A further embodiment of the instrument 1 according to the invention is described hereinafter with reference to Figure 11. For the sake of simplicity it is only the differences in relation to the above-described embodiments that will be considered here. Figure 11 shows the instrument 1 in section in the closed clamping position in which tissue 25, for example a vein, is clamped in a V-shape in the working region 24 between the jaw portions 7, 8. As a difference in relation to the above-described embodiments the instrument 1 according to the invention shown in Figure 11 has a wedge-shaped, that is to say V-shaped, clamping jaw portion 7. The two coagulation electrodes 12, 13 of the coagulation jaw portion 8 are arranged in correspondingly complementary relationship with the clamping surfaces of the clamping jaw portion 7 so that the tissue 25 is clamped in a V-shape. The cutting electrode 21 is placed at the tip of the wedge-shaped clamping jaw portion 7, at which the tissue is most greatly tensioned in the clamped condition and thereby can be particularly easily severed. The wedge-shaped clamping jaw portion 7 which, besides a force component in the direction of movement B, also presses against the coagulation electrodes 12, 13 with a force component transversely with respect to the direction of movement B provides that the tissue can be particularly easily gripped. Therefore the doctor can also use the instrument of this embodiment at the same time as a simple gripping instrument. That has the advantage that the doctor does not have to change the instrument if he needs a gripping instrument.

Claims

Claims
1. An electrosurgical instrument for the bipolar coagulation of biological tissue, comprising a distal end, a gripping device which is arranged at the distal end in the longitudinal direction and which includes at least a clamping jaw portion and a coagulation jaw portion, wherein the coagulation jaw portion has a plurality of electrically separated coagulation electrodes substantially immovable relative to each other, at least one of the jaw portions is adapted to be movable from an open position into a closed clamping position, and the jaw portions at least portion-wise engage into each other in the clamping position and are of such a configuration that the tissue can be clamped between the jaw portions substantially in a half-wave shape, characterised in that the coagulation jaw portion has at least two electrode arrangements which are arranged at different sides and have respective electrically separated coagulation electrodes, by means of which the tissue is coagulatable in two substantially mutually separated coagulation regions.
2. An electrosurgical instrument according to claim 1 characterised in that the in- strument has at least one electrosurgical cutting electrode for cutting the tissue and the cutting electrode is so arranged that the tissue is severable between the coagulation regions.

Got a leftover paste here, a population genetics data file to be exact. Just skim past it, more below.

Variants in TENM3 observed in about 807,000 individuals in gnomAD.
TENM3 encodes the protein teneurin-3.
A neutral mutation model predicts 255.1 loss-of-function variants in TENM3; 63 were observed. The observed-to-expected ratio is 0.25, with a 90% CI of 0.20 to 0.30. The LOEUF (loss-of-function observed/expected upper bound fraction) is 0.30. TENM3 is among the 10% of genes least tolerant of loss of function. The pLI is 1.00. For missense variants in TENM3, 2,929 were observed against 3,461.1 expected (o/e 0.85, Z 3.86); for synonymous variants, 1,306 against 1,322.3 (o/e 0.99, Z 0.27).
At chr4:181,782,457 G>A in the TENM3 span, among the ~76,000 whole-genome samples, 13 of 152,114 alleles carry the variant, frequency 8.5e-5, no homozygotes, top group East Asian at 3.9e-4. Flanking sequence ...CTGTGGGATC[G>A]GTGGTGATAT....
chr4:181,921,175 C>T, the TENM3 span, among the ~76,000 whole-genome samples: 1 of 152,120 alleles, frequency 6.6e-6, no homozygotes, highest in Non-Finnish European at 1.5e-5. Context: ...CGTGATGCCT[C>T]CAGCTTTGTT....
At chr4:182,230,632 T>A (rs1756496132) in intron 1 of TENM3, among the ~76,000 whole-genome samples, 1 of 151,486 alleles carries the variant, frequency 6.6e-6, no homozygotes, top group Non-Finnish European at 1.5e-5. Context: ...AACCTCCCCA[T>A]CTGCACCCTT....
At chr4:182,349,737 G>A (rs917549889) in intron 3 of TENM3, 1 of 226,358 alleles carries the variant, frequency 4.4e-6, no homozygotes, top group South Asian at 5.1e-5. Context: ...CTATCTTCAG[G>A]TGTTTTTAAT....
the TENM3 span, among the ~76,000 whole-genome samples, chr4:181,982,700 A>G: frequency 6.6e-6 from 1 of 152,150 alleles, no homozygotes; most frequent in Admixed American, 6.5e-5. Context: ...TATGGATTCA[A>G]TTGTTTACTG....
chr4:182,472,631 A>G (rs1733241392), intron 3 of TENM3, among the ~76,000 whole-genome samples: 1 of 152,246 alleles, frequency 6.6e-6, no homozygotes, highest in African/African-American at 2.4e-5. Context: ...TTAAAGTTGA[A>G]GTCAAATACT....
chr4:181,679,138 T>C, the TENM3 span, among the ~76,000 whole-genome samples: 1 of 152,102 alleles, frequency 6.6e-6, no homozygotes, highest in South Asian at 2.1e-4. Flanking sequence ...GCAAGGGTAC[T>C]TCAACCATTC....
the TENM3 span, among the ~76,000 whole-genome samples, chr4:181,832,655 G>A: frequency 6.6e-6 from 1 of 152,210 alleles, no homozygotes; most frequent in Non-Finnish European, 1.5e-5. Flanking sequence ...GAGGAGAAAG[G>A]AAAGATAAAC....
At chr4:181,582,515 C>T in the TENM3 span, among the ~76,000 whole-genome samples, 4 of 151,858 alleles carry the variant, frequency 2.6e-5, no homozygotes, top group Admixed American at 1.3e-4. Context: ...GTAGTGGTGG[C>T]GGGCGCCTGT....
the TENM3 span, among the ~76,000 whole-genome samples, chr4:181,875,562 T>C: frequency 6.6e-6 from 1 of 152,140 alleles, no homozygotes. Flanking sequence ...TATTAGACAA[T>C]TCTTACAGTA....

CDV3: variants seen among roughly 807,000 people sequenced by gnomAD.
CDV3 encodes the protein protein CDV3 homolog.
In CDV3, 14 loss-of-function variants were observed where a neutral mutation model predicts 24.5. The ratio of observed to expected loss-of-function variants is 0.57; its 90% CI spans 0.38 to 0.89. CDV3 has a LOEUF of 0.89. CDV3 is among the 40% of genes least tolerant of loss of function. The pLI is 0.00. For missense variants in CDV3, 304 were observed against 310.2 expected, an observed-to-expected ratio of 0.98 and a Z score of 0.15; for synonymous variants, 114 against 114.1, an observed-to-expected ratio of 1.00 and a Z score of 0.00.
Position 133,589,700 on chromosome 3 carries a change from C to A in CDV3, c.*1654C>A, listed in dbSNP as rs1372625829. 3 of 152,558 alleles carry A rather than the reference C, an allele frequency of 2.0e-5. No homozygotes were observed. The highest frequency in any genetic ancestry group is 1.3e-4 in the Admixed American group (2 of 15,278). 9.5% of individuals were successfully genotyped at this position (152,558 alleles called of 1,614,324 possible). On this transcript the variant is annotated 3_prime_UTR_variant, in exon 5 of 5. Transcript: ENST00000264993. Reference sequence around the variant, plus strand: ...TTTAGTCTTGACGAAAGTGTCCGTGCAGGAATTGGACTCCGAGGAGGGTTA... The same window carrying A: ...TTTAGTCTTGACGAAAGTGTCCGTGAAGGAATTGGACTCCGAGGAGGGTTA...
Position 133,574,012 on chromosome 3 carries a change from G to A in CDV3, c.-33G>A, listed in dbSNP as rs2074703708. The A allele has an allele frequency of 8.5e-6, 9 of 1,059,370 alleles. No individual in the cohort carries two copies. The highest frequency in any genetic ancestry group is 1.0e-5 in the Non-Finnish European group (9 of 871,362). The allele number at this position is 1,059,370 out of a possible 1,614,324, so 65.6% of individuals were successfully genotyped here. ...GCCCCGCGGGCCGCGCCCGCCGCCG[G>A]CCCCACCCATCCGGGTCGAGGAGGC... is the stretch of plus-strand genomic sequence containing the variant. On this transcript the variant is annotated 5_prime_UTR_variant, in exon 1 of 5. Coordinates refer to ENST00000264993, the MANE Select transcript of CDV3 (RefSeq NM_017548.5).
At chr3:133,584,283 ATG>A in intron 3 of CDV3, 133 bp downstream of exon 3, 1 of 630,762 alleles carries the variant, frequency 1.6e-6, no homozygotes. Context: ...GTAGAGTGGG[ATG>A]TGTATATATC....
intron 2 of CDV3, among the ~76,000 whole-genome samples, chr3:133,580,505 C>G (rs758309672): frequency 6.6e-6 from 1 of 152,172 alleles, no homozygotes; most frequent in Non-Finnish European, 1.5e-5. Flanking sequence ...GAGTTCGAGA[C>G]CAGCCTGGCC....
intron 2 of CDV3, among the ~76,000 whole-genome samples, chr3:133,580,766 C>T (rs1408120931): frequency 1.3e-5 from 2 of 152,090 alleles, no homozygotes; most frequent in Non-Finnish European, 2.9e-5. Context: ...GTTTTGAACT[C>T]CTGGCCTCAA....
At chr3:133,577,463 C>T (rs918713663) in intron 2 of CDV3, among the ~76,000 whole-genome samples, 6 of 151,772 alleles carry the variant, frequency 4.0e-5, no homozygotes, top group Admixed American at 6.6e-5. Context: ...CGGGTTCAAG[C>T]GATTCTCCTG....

3. An electrosurgical instrument according to claim 2 characterised in that the cutting electrode extends over the entire length of a working region of the instrument, in which the tissue can be clamped and coagulated.
4. An electrosurgical instrument according to one of claims 2 and 3 characterised in that the active surface of the cutting electrode is substantially smaller than the active surface of the coagulation electrodes so that in operation bipolar cutting is possible with a flow of current between the cutting electrode and the most closely adjacent coagulation electrodes.
5. An electrosurgical instrument according to one of claims 2 to 4 characterised in that the cutting element is arranged at the coagulation jaw portion and the coagulation jaw portion is arranged substantially immovably at the distal end of the instrument.
6. An electrosurgical instrument according to one of the preceding claims charac- terised in that the coagulation jaw portion includes two coagulation electrodes which extend parallel and which provide both electrode arrangements and which at least portion-wise enclose the clamping jaw portion in the longitudinal direction of the instrument and thus form a distal coagulation end of the instrument.
7. An electrosurgical instrument according to one of the preceding claims characterised in that the coagulation electrodes and/or the clamping jaw portion have clamping surfaces which are round or curved in cross-section.
8. An electrosurgical instrument according to one of the preceding claims charac- terised in that in the clamping position the gap between the jaw portions in the working region in which the tissue can be clamped and coagulated is less than 1 mm.
9. An electrosurgical instrument according to one of the preceding claims characterised in that rib elements extending transversely with respect to the longitudinal direction are provided at at least one of the jaw portions.
10. An electrosurgical instrument according to one of the preceding claims characterised in that the coagulation jaw portion has an inwardly disposed lumen through which a fluid can flow for cooling the coagulation electrodes and/or the cutting electrode.
PCT/EP2009/058115 2008-06-30 2009-06-29 Electrosurgical instrument WO2010000697A1 (en)

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US8961512B2 (en) 2015-02-24 grant
DE102008030285A1 (en) 2009-12-31 application
US20110130757A1 (en) 2011-06-02 application